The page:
The reality, however, is that abortions during the third trimester are extremely rare and are often sought due to health issues that arise in the pregnant person or in the fetus, which are often undetectable before the second trimester. Approximately 1 percent of abortions occur after 21 weeks of pregnancy. Federal abortion law makes clear that states can impose certain limits on abortion later in pregnancy that do not compromise the pregnant person’s health or life. And to that end, many states do restrict access to abortion during the second trimester.
“Inflammatory statements [like those made at the debate] demonstrate the callous misrepresentation of medical realities and complex situations faced by both patients and their physicians,” Dr. Diane Horvath-Casper, an OB-GYN and reproductive health advocate, told Rewire.
Trump Picked Member of Myth-Mongering Group to Head Top Health Post
Given Trump’s flagrant disregard for the truth when it comes to abortion, it should come as no surprise that his pick for secretary of the Department of Health and Human Services (HHS) belongs to a medical organization that opposes evidence-based science on vaccinations, HIV, and abortion.
U.S. Rep. Tom Price (R-GA) is a member of the Association of American Physicians and Surgeons (AAPS), which for years has promoted the false claims that abortion directly causes breast cancer. The group also supports the idea that fertilized eggs should be recognized under the law as persons, which would effectively criminalize abortion and some forms of birth control. Further, APPS opposes vaccinations and anti-tobacco health campaigns.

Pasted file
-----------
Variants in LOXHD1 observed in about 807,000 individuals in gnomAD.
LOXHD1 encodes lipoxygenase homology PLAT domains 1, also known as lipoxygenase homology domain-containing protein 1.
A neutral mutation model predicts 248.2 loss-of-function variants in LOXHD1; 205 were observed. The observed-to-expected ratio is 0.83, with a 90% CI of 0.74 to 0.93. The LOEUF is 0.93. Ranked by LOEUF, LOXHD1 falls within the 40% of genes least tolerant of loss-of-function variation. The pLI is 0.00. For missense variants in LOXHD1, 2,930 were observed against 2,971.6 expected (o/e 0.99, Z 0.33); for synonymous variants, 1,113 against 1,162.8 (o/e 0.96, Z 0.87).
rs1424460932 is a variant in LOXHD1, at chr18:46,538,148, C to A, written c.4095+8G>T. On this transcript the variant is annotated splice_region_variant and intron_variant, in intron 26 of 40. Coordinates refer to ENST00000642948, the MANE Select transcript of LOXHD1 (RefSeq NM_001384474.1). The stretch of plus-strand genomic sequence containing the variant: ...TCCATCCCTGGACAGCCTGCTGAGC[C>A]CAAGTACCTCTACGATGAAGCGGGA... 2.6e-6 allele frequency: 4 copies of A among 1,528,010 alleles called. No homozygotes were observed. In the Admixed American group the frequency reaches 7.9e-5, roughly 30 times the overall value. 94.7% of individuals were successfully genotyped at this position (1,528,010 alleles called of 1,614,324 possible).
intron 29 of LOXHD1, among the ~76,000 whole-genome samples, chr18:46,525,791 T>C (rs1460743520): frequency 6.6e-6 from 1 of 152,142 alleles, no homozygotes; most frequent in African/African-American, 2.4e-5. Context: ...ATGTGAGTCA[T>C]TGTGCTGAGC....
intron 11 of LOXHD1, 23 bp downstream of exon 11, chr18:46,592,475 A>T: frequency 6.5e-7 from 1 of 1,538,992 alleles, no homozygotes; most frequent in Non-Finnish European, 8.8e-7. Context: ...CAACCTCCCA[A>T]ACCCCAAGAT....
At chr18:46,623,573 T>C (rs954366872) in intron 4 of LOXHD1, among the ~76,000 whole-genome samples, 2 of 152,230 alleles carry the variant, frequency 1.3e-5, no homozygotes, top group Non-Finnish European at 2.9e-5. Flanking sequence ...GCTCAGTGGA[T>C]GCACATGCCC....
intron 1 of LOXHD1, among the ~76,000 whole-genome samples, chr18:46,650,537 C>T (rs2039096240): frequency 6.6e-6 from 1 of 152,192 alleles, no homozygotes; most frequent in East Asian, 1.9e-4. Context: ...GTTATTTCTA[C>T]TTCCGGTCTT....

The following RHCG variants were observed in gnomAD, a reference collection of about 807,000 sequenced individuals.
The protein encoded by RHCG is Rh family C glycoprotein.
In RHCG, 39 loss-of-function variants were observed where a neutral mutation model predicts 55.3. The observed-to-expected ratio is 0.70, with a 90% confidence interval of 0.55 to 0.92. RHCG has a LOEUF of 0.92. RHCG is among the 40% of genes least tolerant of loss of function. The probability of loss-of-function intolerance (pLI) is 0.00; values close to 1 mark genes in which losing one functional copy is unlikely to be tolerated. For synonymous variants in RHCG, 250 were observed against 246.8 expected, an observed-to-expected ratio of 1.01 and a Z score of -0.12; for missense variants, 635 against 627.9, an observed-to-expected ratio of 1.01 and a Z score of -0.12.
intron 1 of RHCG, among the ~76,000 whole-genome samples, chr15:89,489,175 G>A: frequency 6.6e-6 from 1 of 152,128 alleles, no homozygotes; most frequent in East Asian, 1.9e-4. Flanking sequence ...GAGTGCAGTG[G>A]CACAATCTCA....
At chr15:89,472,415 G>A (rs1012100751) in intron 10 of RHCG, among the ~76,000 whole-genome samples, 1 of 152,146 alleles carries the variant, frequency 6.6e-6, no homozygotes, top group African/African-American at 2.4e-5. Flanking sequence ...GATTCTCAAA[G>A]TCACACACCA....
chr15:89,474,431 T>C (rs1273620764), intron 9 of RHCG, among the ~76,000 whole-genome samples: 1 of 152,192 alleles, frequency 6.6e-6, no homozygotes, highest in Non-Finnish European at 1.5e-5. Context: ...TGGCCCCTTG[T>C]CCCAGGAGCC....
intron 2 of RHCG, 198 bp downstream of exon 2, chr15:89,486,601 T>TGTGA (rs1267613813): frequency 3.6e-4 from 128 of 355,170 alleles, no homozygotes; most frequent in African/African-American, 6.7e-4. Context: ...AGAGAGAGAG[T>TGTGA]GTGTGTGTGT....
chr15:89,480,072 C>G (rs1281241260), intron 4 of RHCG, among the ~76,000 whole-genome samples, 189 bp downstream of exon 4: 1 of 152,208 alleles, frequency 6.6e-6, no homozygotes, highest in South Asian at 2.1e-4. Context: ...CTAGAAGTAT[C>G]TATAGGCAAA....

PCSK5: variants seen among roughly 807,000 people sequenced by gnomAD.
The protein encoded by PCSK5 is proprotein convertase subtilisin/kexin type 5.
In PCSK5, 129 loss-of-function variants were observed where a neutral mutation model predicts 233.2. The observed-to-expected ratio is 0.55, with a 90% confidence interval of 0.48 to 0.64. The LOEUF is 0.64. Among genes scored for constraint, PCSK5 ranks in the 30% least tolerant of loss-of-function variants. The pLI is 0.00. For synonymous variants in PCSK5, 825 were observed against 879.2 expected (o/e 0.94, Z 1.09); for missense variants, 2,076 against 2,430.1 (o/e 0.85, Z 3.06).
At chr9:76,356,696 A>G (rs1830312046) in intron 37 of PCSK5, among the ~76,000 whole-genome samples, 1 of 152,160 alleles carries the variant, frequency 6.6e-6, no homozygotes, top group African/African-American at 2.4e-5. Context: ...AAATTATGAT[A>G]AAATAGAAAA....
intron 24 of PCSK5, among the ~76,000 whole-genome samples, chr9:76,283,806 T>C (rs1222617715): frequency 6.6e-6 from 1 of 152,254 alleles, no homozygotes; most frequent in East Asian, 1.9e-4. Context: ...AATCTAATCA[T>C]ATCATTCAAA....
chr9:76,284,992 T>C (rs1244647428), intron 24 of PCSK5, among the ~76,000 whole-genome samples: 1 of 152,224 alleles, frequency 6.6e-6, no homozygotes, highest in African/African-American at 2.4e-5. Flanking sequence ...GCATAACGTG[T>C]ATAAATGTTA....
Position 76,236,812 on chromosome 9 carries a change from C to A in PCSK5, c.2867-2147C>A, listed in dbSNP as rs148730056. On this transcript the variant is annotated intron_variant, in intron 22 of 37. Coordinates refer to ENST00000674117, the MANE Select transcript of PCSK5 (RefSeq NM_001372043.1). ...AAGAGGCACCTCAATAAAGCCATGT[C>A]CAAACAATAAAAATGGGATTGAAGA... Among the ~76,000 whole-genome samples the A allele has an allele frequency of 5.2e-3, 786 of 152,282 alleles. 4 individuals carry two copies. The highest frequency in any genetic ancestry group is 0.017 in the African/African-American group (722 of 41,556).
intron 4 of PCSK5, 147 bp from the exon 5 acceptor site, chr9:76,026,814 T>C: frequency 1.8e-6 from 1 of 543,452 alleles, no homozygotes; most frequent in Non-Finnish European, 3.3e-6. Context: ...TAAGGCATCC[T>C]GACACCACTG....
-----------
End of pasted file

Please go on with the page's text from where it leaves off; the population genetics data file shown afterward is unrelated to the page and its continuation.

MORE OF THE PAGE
Price’s congressional record suggests he is at least somewhat aligned with AAPS’ views on abortion and contraception. He co-sponsored the scientifically dubious federal “Pain-Capable Unborn Child Protection Act”—which would have criminalized abortion after 20 weeks—as well as a failed “personhood” measure in 2007.
Price has been long opposed to the Affordable Care Act’s birth control benefit, which requires employer-sponsored health-care plans to cover contraceptives as preventive care without cost sharing. In a 2012 interview, Price indicated that he could not fathom the notion that some women might not be able to afford contraception.
In a similar snub to science, Trump has nominated a climate-change skeptic to lead the Department of the Interior.